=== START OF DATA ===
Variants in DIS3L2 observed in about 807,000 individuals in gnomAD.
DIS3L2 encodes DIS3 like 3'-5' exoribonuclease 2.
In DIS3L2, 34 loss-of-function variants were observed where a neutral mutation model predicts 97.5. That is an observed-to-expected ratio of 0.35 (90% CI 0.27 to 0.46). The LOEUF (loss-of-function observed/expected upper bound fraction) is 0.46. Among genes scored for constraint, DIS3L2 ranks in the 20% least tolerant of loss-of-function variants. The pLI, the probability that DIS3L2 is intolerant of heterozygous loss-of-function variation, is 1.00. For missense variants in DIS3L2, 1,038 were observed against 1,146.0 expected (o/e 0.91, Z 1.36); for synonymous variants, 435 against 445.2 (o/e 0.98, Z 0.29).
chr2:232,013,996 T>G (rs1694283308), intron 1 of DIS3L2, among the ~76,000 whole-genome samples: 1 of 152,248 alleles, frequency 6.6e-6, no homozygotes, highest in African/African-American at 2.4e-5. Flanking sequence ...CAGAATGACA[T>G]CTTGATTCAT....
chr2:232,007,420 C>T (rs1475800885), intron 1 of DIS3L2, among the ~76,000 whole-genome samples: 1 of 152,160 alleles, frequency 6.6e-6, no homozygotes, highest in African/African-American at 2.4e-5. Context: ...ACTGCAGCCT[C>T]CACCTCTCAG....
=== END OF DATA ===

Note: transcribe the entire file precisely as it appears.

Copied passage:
Variants in DIS3L2 observed in about 807,000 individuals in gnomAD.
DIS3L2 encodes DIS3 like 3'-5' exoribonuclease 2.
In DIS3L2, 34 loss-of-function variants were observed where a neutral mutation model predicts 97.5. That is an observed-to-expected ratio of 0.35 (90% CI 0.27 to 0.46). The LOEUF (loss-of-function observed/expected upper bound fraction) is 0.46. Among genes scored for constraint, DIS3L2 ranks in the 20% least tolerant of loss-of-function variants. The pLI, the probability that DIS3L2 is intolerant of heterozygous loss-of-function variation, is 1.00. For missense variants in DIS3L2, 1,038 were observed against 1,146.0 expected (o/e 0.91, Z 1.36); for synonymous variants, 435 against 445.2 (o/e 0.98, Z 0.29).
chr2:232,013,996 T>G (rs1694283308), intron 1 of DIS3L2, among the ~76,000 whole-genome samples: 1 of 152,248 alleles, frequency 6.6e-6, no homozygotes, highest in African/African-American at 2.4e-5. Flanking sequence ...CAGAATGACA[T>G]CTTGATTCAT....
chr2:232,007,420 C>T (rs1475800885), intron 1 of DIS3L2, among the ~76,000 whole-genome samples: 1 of 152,160 alleles, frequency 6.6e-6, no homozygotes, highest in African/African-American at 2.4e-5. Context: ...ACTGCAGCCT[C>T]CACCTCTCAG....